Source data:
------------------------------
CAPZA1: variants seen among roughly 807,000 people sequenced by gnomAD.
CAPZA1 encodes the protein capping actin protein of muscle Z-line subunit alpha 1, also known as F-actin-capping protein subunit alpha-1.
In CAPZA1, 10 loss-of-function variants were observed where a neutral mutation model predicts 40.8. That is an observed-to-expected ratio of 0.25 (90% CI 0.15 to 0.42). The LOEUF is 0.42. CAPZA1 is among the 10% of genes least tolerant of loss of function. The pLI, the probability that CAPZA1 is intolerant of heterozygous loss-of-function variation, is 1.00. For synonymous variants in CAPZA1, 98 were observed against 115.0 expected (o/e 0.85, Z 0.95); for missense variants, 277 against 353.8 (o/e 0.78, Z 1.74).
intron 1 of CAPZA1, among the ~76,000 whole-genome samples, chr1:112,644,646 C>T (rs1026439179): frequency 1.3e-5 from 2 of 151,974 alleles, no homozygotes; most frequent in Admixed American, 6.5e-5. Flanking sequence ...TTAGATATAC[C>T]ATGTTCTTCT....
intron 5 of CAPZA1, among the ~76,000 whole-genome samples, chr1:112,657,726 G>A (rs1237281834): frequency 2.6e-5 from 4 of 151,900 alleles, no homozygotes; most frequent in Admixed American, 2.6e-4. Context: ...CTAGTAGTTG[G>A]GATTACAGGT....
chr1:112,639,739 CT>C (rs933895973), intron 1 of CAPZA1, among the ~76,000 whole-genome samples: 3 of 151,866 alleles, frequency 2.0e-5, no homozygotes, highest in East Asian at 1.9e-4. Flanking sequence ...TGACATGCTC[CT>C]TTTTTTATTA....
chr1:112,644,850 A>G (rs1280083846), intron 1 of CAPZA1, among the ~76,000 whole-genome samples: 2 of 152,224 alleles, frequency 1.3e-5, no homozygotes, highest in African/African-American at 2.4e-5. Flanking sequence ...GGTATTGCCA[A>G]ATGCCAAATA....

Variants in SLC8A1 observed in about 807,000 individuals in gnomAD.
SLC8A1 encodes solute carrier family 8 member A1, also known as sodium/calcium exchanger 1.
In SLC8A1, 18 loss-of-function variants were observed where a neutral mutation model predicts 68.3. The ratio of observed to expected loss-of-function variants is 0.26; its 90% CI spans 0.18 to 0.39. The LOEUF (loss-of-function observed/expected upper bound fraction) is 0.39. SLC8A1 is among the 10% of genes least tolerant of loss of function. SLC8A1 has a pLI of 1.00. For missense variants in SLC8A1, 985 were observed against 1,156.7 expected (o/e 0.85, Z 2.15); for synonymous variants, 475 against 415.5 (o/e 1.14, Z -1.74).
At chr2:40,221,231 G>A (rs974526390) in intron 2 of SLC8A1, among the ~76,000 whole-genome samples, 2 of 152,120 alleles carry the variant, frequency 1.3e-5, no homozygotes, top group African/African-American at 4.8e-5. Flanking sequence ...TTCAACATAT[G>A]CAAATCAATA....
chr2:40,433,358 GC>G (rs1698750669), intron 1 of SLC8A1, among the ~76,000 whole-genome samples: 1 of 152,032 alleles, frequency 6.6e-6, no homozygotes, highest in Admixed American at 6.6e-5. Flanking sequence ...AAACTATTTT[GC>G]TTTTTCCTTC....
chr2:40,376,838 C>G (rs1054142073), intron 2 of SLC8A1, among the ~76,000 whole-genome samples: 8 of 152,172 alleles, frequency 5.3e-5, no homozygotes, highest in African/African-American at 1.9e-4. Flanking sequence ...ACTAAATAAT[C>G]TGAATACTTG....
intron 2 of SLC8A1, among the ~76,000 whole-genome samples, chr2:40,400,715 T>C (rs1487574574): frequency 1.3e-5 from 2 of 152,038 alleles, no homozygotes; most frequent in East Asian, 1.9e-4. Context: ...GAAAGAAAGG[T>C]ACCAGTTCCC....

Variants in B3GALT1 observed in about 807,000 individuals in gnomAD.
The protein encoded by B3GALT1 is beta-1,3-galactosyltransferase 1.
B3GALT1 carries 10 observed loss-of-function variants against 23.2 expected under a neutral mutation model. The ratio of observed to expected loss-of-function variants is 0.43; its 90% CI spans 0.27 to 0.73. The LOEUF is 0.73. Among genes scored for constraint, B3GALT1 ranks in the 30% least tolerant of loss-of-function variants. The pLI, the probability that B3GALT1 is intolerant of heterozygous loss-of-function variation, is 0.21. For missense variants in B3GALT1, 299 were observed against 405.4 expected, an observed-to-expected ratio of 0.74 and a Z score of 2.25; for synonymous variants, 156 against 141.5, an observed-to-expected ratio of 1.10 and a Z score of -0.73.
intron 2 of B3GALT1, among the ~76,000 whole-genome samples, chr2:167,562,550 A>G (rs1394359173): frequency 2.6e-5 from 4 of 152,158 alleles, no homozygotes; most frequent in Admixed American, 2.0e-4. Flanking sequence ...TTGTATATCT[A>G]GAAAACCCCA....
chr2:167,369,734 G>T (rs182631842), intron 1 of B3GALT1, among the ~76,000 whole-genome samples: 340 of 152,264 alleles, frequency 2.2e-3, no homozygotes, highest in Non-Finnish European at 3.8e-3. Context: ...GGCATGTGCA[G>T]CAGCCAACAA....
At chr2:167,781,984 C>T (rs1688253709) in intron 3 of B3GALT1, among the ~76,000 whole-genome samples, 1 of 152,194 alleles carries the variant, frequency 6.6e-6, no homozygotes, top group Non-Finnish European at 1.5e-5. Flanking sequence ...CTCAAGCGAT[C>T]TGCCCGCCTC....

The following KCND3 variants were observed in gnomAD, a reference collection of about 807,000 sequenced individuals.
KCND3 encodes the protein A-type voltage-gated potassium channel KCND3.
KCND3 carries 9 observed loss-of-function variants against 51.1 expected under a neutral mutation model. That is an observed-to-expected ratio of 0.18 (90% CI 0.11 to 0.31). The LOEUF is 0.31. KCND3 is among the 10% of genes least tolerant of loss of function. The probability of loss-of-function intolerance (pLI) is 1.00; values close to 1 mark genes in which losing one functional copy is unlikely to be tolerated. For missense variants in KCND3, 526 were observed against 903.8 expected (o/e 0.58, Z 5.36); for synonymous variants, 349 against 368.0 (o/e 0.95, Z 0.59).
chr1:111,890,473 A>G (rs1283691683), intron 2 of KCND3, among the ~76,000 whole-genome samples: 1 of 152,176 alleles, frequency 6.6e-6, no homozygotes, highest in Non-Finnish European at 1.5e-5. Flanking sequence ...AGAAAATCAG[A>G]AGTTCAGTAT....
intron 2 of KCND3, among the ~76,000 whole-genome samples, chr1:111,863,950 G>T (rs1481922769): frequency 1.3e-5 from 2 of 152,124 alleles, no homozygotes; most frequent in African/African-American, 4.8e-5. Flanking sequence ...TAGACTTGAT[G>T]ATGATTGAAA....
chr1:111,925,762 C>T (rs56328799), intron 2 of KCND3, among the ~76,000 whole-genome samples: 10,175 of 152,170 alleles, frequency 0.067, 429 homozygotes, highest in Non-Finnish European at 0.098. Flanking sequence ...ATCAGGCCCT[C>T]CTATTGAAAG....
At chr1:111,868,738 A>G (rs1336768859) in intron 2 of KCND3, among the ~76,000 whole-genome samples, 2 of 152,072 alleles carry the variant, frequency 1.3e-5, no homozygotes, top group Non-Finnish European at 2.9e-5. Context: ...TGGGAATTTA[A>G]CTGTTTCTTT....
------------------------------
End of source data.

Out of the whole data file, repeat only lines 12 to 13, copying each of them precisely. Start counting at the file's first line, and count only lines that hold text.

chr2:40,433,358 GC>G (rs1698750669), intron 1 of SLC8A1, among the ~76,000 whole-genome samples: 1 of 152,032 alleles, frequency 6.6e-6, no homozygotes, highest in Admixed American at 6.6e-5. Flanking sequence ...AAACTATTTT[GC>G]TTTTTCCTTC....
chr2:40,376,838 C>G (rs1054142073), intron 2 of SLC8A1, among the ~76,000 whole-genome samples: 8 of 152,172 alleles, frequency 5.3e-5, no homozygotes, highest in African/African-American at 1.9e-4. Flanking sequence ...ACTAAATAAT[C>G]TGAATACTTG....